Soup, it seems, is the ultimate comfort food—
warm, soft, slipping down the throat with ease.
We eat soup when we’re sick,
when we’re snowed in,
when we’re heartbroken,
when even cutting and chewing seem too much,
when we need to be soothed in some deep way.
Soup is cold-weather-dark-sky food.
Soup is peasant food—odds and ends, bits and pieces,
a way to stretch a piece of meat or a handful of rice.
And the best soups are made, I think,
when we treat them as such—
earthy, simple, slow, soothing.
Soup is the wool sweater, not the little black dress.
It’s the cardigan with elbow patched, not the pressed shirt and tie.
~Shauna Niequist, Bread & Wine, p161~
Each Wednesday evening during Lent we have been gathering in the fellowship hall of our church with dozens of saints, eager for fellowship and sharing of life and breaking of bread. Once people are there and food is set out, the pastor says “the peace of the Lord be with you” and everyone responds “and also with you” & he opens the evening with prayer. The evening ends with a compline service, which is a short call & response to end the evening with prayer & Scripture & singing the Lord’s prayer. The evening really is a beautiful way of incorporating the gloriously high with the beautifully low, the elegant with the casual, the special with the mundane. Everyone fills bowls with soup, and grabs chunks of warm bread in hands. We sit around tables with one another to fill our bellies as well as our souls.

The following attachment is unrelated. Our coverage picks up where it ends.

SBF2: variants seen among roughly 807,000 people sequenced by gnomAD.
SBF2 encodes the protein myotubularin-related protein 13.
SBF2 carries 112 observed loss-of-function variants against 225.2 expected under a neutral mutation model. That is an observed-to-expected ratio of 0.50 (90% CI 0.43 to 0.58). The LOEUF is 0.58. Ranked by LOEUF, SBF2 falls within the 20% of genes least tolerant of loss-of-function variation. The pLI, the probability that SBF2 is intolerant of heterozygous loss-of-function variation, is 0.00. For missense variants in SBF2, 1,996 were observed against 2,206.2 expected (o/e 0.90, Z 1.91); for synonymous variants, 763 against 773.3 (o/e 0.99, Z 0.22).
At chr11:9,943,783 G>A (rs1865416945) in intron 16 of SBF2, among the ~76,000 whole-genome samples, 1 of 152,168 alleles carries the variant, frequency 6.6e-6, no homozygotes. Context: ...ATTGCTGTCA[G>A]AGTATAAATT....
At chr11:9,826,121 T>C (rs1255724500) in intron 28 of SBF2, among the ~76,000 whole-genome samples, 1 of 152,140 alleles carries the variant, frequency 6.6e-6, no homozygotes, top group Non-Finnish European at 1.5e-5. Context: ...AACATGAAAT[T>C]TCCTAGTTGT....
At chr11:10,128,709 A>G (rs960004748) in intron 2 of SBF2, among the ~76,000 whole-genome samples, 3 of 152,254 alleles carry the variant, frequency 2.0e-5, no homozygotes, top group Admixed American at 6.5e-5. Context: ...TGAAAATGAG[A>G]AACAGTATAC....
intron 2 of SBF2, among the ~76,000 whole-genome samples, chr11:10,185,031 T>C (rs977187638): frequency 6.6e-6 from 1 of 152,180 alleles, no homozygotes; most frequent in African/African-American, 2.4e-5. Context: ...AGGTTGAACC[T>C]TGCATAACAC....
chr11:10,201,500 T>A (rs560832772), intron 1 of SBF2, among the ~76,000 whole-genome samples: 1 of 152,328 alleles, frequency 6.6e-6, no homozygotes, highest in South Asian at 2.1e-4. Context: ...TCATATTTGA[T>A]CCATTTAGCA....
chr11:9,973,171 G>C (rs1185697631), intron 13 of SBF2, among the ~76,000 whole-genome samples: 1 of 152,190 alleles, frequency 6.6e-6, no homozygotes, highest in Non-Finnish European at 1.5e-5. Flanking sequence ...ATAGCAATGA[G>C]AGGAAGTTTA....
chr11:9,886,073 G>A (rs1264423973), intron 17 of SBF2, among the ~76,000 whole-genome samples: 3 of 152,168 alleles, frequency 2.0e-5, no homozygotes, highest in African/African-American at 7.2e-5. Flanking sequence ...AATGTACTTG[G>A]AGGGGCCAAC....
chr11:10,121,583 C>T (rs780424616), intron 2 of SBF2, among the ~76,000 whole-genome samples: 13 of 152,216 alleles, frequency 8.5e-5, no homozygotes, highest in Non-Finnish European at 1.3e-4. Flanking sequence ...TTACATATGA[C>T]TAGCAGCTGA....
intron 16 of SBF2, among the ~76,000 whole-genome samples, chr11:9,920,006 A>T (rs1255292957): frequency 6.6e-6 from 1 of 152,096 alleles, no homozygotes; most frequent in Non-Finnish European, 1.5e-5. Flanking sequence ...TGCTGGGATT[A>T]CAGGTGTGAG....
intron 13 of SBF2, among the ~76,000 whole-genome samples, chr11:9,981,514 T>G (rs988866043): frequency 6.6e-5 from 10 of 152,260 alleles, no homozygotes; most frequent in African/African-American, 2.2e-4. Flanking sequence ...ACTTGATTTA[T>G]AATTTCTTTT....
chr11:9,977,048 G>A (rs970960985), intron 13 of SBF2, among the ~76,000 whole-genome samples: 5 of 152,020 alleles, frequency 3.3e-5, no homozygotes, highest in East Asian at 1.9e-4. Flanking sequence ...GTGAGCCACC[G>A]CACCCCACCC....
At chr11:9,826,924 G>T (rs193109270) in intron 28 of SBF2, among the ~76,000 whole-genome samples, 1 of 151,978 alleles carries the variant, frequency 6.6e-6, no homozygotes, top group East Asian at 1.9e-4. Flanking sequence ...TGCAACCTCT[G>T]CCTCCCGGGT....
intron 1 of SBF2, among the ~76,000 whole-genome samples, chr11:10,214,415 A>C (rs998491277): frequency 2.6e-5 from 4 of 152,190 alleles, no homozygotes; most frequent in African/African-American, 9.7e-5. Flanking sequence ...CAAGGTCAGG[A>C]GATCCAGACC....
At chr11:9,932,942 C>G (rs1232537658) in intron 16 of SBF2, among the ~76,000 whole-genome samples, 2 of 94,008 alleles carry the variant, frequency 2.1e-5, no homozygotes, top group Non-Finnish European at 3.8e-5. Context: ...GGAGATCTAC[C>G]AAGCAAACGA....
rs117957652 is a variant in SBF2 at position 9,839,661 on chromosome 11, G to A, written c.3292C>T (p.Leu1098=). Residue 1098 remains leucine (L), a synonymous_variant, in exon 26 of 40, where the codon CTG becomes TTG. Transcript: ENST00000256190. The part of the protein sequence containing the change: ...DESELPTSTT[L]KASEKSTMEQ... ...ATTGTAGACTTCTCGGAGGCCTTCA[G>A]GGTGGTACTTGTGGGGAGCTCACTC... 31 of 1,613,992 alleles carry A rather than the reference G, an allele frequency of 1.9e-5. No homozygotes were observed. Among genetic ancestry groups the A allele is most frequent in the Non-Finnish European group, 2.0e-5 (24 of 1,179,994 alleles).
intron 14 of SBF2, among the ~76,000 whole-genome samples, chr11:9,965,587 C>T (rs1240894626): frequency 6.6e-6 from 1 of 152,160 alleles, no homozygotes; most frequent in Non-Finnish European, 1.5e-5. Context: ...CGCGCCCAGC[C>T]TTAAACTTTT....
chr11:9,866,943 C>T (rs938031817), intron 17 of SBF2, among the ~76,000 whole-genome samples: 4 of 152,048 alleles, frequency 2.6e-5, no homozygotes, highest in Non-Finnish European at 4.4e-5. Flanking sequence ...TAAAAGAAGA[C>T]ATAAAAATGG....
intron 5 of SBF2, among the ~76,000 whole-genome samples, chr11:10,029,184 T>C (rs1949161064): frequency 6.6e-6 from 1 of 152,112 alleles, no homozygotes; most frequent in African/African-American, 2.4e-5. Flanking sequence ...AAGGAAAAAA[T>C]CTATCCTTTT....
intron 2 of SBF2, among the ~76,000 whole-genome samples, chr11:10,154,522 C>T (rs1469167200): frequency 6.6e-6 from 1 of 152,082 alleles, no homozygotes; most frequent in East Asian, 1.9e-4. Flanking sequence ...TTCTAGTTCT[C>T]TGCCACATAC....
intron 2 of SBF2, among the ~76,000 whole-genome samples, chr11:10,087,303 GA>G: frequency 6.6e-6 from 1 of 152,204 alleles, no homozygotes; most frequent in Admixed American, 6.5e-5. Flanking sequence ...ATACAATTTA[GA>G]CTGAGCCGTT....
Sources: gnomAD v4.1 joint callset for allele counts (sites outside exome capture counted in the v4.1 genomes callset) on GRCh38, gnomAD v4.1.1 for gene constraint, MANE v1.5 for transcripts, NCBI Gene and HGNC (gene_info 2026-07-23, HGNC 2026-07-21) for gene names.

In the middle of it all, a man—friend of ours, but also new local author—shares exhortations and encouragement and experiences on the subject of deep suffering, physical and spiritual.
Hearts are poured out, theologies discussed, Scripture opened, prayers ascend, bowls emptied.
It is a blessing, and while my little world might not be shattered or rebuilt by the conversations in any truly monumental way, I am still lifted up and filled. By being with believers who love one another and love the Lord—who spill actual grace into the lives of each other—who emphasize unity in essentials and diversity in nonessentials—who care for one another by cooking soup, baking bread, donning aprons, washing dishes, spending a weeknight together not because we have to but because we can.
And God’s blessing abounds in big and little ways, some that we can see and some that we cannot yet see. But I know He is there, and He is working.
And that feeds us in temporal and eternal ways I can only begin to grasp.
The meal itself wasn’t spectacular by any means, but it didn’t need to be.
It was simple and it was good and it gave us something to gather around.
It filled our bellies and let us laugh and connect
and settle into our chairs while the kids played under the table.
It did what food is supposed to do:
it fed us, in all sorts of big and small ways.
~Shauna Niequist, Bread & Wine, p216~